Retailers, consumers and prices
Lessons from the 2001 recession
It’s a plan similar to the once the government followed in 2001, except at that point, the economy was already in a recession.
Back then, the National Bureau of Economic Research said the U.S. economy entered a recession in March 2001. To get the economy out of its funk, the government passed a stimulus package and mailed out rebate checks over a ten-week period from late July to the end of September 2001, according to research conducted by Thomson Reuters.
When looking at the monthly year-over-year changes, U.S. retail sales started slumping in the beginning of 2001 and reached their lowest level in September 2001, according to the research report. The Thomson Reuters Same Store Sales Index registered a rise of just 0.8 percent in September 2001, but then began to bounce back once the rebate checks were mailed out, with October notching a 1.6 percent gain.
“When comparing the sectors within our retail universe, we find that the discount sector performed the best during the 2001 recession and remained within the 3 percent - 6 percent growth range,” the Thomson Reuters report states. “It registered its strongest same store sales result ever of 9.5 percent in February 2002.”
The report said similar trends are being repeated now as middle class consumers cut back on spending and head to discount stores.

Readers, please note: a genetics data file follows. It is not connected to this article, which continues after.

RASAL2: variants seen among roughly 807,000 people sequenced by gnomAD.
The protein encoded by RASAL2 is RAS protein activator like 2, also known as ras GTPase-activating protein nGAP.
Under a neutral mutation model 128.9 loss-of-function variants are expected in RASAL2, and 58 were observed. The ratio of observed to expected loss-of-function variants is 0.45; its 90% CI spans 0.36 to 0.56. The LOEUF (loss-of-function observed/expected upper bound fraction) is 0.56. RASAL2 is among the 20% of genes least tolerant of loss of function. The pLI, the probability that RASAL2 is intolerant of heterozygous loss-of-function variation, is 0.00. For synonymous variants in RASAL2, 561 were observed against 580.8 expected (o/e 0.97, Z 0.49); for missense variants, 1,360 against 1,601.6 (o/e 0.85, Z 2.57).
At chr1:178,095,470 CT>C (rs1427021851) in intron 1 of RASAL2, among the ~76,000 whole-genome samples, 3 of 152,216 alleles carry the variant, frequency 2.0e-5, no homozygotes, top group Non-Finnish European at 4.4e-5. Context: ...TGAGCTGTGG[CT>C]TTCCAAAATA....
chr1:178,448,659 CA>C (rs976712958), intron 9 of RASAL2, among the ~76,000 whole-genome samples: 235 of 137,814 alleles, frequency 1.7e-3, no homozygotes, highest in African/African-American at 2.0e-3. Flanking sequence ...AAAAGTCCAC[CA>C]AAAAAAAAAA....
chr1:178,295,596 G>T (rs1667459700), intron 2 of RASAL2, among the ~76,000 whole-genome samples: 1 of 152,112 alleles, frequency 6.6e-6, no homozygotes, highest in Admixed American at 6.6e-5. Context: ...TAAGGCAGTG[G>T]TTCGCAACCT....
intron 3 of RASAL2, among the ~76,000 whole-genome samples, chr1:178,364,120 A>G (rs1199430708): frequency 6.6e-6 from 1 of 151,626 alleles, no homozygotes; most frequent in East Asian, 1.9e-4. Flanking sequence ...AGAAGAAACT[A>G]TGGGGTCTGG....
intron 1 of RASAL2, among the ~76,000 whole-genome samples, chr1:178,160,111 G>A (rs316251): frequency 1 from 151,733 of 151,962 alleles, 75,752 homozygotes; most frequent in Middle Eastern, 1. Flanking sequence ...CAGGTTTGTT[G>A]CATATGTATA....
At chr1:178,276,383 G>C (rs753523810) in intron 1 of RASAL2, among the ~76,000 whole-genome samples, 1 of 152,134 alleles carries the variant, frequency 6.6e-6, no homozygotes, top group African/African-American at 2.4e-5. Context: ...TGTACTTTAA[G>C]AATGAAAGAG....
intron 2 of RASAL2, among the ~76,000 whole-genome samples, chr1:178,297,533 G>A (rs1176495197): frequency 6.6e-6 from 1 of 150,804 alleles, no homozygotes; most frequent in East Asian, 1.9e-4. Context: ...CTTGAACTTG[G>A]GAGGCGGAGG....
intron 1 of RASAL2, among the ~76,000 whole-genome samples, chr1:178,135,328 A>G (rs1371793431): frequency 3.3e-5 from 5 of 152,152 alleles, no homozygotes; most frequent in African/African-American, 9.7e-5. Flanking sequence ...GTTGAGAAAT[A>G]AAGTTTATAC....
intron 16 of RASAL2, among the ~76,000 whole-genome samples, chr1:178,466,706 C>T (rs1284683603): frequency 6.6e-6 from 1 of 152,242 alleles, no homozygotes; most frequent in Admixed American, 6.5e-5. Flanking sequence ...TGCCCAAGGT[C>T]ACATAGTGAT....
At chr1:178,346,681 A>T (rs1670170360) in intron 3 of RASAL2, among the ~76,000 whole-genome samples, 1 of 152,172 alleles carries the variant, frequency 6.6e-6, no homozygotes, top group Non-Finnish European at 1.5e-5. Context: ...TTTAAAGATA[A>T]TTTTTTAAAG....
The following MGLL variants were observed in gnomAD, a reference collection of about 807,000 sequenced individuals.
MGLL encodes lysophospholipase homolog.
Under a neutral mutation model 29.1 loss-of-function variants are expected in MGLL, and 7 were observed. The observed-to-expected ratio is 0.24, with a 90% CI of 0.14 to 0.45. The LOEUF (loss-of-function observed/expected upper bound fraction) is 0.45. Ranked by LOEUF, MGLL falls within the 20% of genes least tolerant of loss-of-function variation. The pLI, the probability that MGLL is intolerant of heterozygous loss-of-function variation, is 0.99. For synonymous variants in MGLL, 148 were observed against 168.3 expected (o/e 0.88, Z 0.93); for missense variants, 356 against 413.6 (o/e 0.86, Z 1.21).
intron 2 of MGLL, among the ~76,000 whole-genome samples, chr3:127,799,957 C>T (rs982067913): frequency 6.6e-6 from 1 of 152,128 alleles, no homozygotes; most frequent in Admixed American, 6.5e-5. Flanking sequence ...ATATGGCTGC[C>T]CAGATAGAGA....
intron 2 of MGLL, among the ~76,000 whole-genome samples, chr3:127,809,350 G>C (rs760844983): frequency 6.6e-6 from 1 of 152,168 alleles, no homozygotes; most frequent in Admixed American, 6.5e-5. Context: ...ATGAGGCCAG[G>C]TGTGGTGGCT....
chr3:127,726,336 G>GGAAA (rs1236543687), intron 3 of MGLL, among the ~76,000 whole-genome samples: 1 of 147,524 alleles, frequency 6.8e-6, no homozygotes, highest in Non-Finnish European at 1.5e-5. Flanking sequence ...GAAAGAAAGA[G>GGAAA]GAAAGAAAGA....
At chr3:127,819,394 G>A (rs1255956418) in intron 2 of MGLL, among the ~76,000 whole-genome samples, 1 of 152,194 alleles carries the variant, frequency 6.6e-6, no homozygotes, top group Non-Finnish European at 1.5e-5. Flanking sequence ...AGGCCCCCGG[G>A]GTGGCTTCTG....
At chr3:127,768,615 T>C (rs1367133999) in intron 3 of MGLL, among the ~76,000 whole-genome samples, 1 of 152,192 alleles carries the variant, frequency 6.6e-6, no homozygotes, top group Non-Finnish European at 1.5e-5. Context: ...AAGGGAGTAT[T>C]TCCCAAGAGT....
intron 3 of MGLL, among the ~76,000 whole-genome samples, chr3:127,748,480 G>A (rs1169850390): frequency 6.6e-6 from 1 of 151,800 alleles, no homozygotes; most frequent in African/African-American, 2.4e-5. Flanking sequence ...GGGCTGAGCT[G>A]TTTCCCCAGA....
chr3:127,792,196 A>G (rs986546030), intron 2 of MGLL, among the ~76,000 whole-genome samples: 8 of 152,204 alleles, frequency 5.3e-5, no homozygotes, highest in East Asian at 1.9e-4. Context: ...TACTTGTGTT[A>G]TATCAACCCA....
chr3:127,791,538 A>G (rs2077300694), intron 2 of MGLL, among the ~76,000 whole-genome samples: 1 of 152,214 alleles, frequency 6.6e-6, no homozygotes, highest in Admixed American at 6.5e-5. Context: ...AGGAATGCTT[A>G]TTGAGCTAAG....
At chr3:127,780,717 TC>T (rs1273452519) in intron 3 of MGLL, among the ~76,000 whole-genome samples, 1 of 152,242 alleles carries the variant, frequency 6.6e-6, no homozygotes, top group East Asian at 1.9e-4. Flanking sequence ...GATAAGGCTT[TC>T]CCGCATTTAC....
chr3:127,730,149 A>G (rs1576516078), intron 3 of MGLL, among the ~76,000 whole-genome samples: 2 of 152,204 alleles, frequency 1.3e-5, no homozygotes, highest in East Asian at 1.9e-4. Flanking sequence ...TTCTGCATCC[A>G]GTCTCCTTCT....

“In 2001, Wal-Mart beat Target’s same store sales results 11 out of 12 months. Today, we’re witnessing a similar trend as Wal-Mart has smashed Target’s comps over the last six months,” the report stated.
During the 2001 economic slowdown, the apparel sector performed the worst and posted its weakest comp ever of -9.5 percent in September 2001, the research shows. It also said the teen apparel group and department stores underperformed and posted sluggish comps during the period leading up to September 2001, but were able to bounce back shortly after.
“If past behavior is a good indicator of future behavior, we are likely to continue to see an increase in consumer spending in the short-term while the 2008 rebate checks are distributed,” the report states. “This in return could help improve the overall economy since consumer spending accounts for about 2/3 of GDP. The discount group is expected to post a 3.1 percent comp, but analysts continue to look for an even stronger 3.5 percent result excluding Wal-Mart.”